Sometimes someone is so taken with a book that you can’t help but stop and take notice yourself. So when TomCat was full of praise for this impossible crime, it hopped up my TBR pile with the effortlessness of a mountain goat on an escalator. I was promised audacity, and I love a bit of authorly audaciousness where an impossible crime is concerned — indeed, the boldness of such schemes as employed in John Dickson Carr’s The Man Who Could not Shudder (1940) orJohn Saldek’s Invisible Green (1977) make them firm favourites of mine, and if a book of this ilk has chutzpah enough to make TomCat and John Norris sit up and pay attention, then surely you must be onto a good thing.
Declaring that the detective novel was the only form of literature that put the reader to work, [S.S. van Dine] argued that “a deduction game emphasising fair play within a limited setting” would be the story structure with the best potential to result in masterpiece mystery stories […] But when the elements of the game are too severely limited and the building materials are all the same, only the first few builders will get all the glory and there will be an over-abundance of similar novels…
So here’s a starting point that doesn’t belong on a blog about crime fiction between 1920 and 1959 with frequent diversions into apparent impossibilities: I freakin’ love Batman. The whole Bruce Wayne/Batman duality in almost any form is an absolute joy to me – I’m not going to geek out here over the many, many years I’ve spent reading the comics nor the sundry disappointments of the various cinematic fusterclucks (I’m looking daggers at you, Schumacher…Burton, you’re borderline), and shall instead make the following observation: the second I heard Batman v Superman: Dawn of Justice was announced, I’d practically bought my ticket on the fact of it being a new Batman incarnation.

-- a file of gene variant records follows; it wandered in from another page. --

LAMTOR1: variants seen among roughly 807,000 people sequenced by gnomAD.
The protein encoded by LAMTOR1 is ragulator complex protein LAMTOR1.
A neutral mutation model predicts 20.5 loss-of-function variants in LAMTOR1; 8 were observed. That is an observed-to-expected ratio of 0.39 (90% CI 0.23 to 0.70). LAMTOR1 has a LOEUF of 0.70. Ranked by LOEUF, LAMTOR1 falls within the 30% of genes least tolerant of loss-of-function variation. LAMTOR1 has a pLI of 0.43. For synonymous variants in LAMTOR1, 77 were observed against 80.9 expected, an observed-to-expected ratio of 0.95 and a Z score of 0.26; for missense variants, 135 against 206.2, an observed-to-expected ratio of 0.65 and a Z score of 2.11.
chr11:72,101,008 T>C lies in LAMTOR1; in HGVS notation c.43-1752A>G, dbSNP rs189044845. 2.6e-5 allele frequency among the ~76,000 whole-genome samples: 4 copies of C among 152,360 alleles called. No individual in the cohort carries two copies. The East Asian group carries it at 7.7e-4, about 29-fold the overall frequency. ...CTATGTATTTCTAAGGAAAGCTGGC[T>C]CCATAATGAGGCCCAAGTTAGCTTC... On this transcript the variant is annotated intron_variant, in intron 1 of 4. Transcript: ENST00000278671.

I was recently reading a book on the promise of it providing a locked room murder, to which I am rather partial. When said murder arrived, it took on this approximate form: a large indoor hall with a free-standing stone chapel inside it which has one door and no windows or other points of ingress, a crowd witnesses a lady entering said chapel – which is deserted – alone and the doors are shut, only for them to be opened some time later and said lady found beaten, bruised and devoid of life. It’s moderately classic in its setup and should therefore provide some interest, but once I read the details of the crime I gave up on the book and will not return to it (in fact, it’s already down the charity shop).
This is not due to any squeamishness on my part, or a particular problem I had with the writing or the characters – both were fine, if unexceptional – but rather just because it just wasn’t interesting. It is hard to put this in words, which is why I imagine this post may run rather longer than usual, but there were simply no features of intrigue to me in that supposedly impossible murder. And so I got to thinking…forget plot or prose or atmosphere, take away all the context of an impossible crime, particularly forget about the solutions: what makes an interesting fictional impossibility? Continue reading →